"I'm not sure what harm is being talked about," said ACLU spokesman Doug Honig when told of Brachvogel's response. "Everybody's in favor of preventing harm to the public."
The ACLU got wind of Kelso's ordinance after seeing a story in The Daily News (9/22/04) about a man asking the City Council why he needed a permit to hold a candlelight vigil on the Allen Street Bridge. Longview resident Dan Smith, who spoke at the Sept. 21 meeting, and seven others had gathered Sept. 9 to honor the 1,000 U.S. casualties of the Iraq war, when Kelso police told them to move elsewhere because they lacked a parade permit.
The City Council, at the meeting Smith attended, debated over who needed a permit to wave a sign or demonstrate in public and decided to research ways to make the permit process easier.
According to the ACLU, the only speech ordinances that require a permit are those that block traffic, such as a parade or march. The law allows reasonable time, place and manner restrictions, such as noise ordinances that limit how loud an event can be, Caplan said.
Within the last year, the ACLU successfully challenged Tacoma and Spokane in court over free speech issues, Caplan said. The city of Tacoma had been charging too much for parade permits, and Spokane had required permits to pass out leaflets on a sidewalk.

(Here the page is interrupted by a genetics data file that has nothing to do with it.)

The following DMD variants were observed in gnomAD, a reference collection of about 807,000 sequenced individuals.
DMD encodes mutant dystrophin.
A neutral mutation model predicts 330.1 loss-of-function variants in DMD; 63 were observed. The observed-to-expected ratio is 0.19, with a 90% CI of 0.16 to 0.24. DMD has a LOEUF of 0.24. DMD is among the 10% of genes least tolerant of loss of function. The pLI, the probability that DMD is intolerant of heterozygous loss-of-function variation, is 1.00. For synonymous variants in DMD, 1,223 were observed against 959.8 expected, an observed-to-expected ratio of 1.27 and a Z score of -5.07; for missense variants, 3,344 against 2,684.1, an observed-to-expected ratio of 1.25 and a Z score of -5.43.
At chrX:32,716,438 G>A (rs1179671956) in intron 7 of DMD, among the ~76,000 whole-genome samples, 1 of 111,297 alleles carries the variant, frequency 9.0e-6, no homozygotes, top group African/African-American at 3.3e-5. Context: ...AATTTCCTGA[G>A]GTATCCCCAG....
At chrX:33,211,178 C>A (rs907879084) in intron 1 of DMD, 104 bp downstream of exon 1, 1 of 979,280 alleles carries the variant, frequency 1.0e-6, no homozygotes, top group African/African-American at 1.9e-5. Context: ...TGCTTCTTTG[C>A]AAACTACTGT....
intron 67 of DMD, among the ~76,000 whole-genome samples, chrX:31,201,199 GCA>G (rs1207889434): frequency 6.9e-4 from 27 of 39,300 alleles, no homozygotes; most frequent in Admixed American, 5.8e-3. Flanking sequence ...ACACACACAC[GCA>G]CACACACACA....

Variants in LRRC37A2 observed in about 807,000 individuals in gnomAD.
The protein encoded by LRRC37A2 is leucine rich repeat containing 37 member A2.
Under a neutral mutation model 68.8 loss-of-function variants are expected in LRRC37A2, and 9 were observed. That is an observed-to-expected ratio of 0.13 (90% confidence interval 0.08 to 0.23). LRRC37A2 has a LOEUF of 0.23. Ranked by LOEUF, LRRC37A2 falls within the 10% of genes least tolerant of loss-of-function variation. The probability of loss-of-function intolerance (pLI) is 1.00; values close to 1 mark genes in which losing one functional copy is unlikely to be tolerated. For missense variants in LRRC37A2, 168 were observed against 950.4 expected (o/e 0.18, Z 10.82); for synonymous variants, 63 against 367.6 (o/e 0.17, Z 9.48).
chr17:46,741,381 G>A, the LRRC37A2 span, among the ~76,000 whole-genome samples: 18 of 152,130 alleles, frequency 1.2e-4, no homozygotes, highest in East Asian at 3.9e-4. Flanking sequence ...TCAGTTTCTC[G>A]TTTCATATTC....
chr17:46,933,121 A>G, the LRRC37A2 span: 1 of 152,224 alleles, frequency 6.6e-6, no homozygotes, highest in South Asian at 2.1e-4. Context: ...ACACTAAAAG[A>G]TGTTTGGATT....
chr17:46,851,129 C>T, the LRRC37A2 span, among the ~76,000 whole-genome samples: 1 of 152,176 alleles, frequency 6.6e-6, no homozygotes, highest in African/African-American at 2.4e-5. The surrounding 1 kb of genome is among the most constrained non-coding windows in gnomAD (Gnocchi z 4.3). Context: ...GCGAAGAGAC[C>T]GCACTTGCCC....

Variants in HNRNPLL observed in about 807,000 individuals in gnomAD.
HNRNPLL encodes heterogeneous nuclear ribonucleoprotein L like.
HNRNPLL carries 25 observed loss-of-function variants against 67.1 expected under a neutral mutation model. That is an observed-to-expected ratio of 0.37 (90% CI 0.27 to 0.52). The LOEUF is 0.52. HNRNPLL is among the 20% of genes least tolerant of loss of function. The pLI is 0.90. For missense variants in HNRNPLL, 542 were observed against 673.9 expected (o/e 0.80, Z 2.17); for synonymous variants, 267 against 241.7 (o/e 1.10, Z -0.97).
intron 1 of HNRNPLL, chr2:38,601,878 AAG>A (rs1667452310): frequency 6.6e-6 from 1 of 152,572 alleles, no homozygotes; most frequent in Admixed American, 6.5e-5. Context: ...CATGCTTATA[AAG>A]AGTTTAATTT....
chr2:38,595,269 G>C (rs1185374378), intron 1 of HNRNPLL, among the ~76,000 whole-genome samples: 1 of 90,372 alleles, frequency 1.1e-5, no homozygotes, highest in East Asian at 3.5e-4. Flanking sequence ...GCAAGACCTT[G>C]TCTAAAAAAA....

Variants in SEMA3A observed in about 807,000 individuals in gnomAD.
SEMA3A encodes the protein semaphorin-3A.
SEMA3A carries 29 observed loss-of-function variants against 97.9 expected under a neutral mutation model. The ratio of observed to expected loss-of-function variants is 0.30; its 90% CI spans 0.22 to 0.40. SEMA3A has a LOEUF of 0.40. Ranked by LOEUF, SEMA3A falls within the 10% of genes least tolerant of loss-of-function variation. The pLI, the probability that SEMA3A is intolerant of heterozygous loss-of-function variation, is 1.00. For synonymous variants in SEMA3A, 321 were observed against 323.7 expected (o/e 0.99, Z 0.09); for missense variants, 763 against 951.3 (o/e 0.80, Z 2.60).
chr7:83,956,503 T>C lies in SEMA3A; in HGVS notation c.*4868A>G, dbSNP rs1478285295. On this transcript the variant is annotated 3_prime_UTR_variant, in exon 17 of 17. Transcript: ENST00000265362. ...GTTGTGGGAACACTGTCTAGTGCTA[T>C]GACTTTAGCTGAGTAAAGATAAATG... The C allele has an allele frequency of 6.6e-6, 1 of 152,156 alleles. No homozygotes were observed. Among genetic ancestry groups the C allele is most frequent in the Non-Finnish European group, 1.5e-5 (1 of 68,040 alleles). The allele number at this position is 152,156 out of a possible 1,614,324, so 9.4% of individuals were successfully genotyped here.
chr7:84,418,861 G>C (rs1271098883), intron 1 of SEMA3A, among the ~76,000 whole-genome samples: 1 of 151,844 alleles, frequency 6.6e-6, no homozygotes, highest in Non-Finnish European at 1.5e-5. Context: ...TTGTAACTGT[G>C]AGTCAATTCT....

"It's part of life in an American city to have small groups of people on the sidewalk expressing an opinion," Caplan said.
The ACLU, which specializes in free speech and First Amendment law, wants to share with Kelso examples of how other cities have written their ordinances, said Caplan.
Kelso Police Chief Wayne Nelson told the Kelso council that parade permits aren't intended to control who may demonstrate, but to provide advance notice of how many police might be needed to patrol the area.
But the ACLU said it's hard to predict how many protestors or counter-protestors will arrive, and that police can be summoned if fights break out.
"Cities around the state have ordinances that don't require small groups of people who are picketing to get permits, and they protect public safety just fine," Honig said.
Public gatherings: ACLU lists precedents
In his letter to Kelso Mayor Don Gregory, an ACLU lawyer wrote that Kelso's parade and demonstration ordinance was the most restrictive he had ever seen.
Cities normally don't regulate sidewalk demonstrations, and Kelso's existing laws prohibiting disorderly conduct should be sufficient for public safety, wrote ACLU attorney Aaron Caplan.
In the letter, Caplan listed 19 court decisions that have set precedents regarding free speech. Among other things, courts have established that:
• Public demonstrations cannot be limited to those approved by the chief of police.
• Even if another city official other than the police chief may approve permits, the problem is not solved "since the problem is with the permit scheme itself and not the person who administers it."
• Picketing, leafleting and standing in vigil enjoy special constitutional protection on sidewalks, and no advance permission is required.
• The city may not deny permission to demonstrate based on the viewpoint the marchers intend to express.
• Cities may require advance notice, but the notice must be "justified by administrative necessity" and be flexible enough to allow political parades to form on short notice.